United 93 Soars, RV Stalls
It's one of the most quoted catchphrases of our generation. It's a two-word slice of real, modern-day history that is in equal measure an inspirational call to arms; a reverent memorial to fallen American heroes; and, as anyone who has listened to Top 40 radio or visited a Christian book retailer in the past five years knows, a phrase that launched a thousand merchandising opportunities.
Now, the phrase has become a movie tagline. That's not too shocking, but what is surprising is that, with United 93, the first theatrical movie made about the tragedy of September 11, cynicism doesn't seem to be part of the equation. Sure, the movie initially garnered some skepticism—after all, how does one make a 9/11 movie without it smacking of manipulative commercialism?—but that was long before the film actually arrived. Now that United 93 has landed, critics are hailing it as a work of remarkable artfulness and sensitivity—just what a 9/11 movie should be.
Summarizing the film's plot seems redundant; after all, everyone knows what happened that day, both in New York City and—as this film reminds us—in Pennsylvania, where the hijacked Flight 93 crashed into a field rather than its intended target in Washington, D.C. It's not just a story of tragedy and terror; it's a story of courage, selflessness, and true heroism. It's also a story of faith—at least one passenger on the Flight, Todd Beamer, was a Christian. Beamer and his fellow passengers, who stole control of the flight from terrorists and directed their path away from our nation's capitol, are bona-fide American heroes.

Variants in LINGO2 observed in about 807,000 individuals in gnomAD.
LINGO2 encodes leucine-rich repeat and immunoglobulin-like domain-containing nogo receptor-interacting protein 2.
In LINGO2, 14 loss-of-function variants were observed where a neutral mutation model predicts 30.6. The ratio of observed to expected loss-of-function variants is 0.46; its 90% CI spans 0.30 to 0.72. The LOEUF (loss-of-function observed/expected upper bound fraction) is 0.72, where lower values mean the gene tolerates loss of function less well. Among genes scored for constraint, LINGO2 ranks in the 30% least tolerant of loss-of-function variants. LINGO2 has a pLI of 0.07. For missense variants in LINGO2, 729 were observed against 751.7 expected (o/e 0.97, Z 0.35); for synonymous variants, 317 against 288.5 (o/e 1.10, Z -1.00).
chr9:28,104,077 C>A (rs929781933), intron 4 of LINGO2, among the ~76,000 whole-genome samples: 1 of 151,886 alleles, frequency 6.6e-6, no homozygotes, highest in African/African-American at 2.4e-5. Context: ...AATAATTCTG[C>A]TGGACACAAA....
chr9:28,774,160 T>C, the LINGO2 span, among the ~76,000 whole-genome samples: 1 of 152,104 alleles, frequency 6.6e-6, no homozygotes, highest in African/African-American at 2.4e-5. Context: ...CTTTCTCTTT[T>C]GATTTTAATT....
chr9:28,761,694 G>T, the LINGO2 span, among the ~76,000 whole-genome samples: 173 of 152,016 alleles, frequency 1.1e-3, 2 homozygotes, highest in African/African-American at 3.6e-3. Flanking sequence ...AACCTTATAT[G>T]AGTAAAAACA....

Moviegoers will no doubt hold differing convictions about the personal choice to see the film or not. That's a matter for individuals and families—not film critics—to decide. But for those wondering whether the film is the honorable and artful tribute that it deserves to be, reviewers offer a resounding voice of praise.
Peter T. Chattaway (Christianity Today Movies) heralds the film as a tribute that's built to last: "For better or worse, things and people often seem more real to us when they become the subject of a movie, and films are one of the primary means by which we collectively process the world around us. So it would be strange indeed if filmmakers continued to ignore the most pivotal moment in recent history … in a way, the film—produced with the support of the victims' families—is itself a memorial of sorts. It honors the passengers who fought back by visualizing their experience and imprinting it on our screens for years to come."
Steven D. Greydanus (Decent Films) is also appreciative of what the film accomplishes: "Whatever monument is eventually built at Ground Zero or anywhere else, United 93 is as fitting and worthy a memorial to the victims and heroes of September 11 as one could hope for."
Harry Forbes (Catholic News Service) says that "as a testament to heroism and a vivid cautionary tale, the film was, on balance, a worthwhile endeavor. Though the tragedies of the World Trade Center and the Pentagon are only lightly touched upon, the microcosm of this particular event brings the entire day back to vivid life."
Adam R. Holz (Plugged In) notes that, "Instead of injecting unnecessary melodrama into an already engrossing event, director Paul Greengrass has crafted an almost understated film. Indeed, his fictional take on what might have happened onboard Flight 93 feels so eerily realistic that it has a documentary-like quality at times."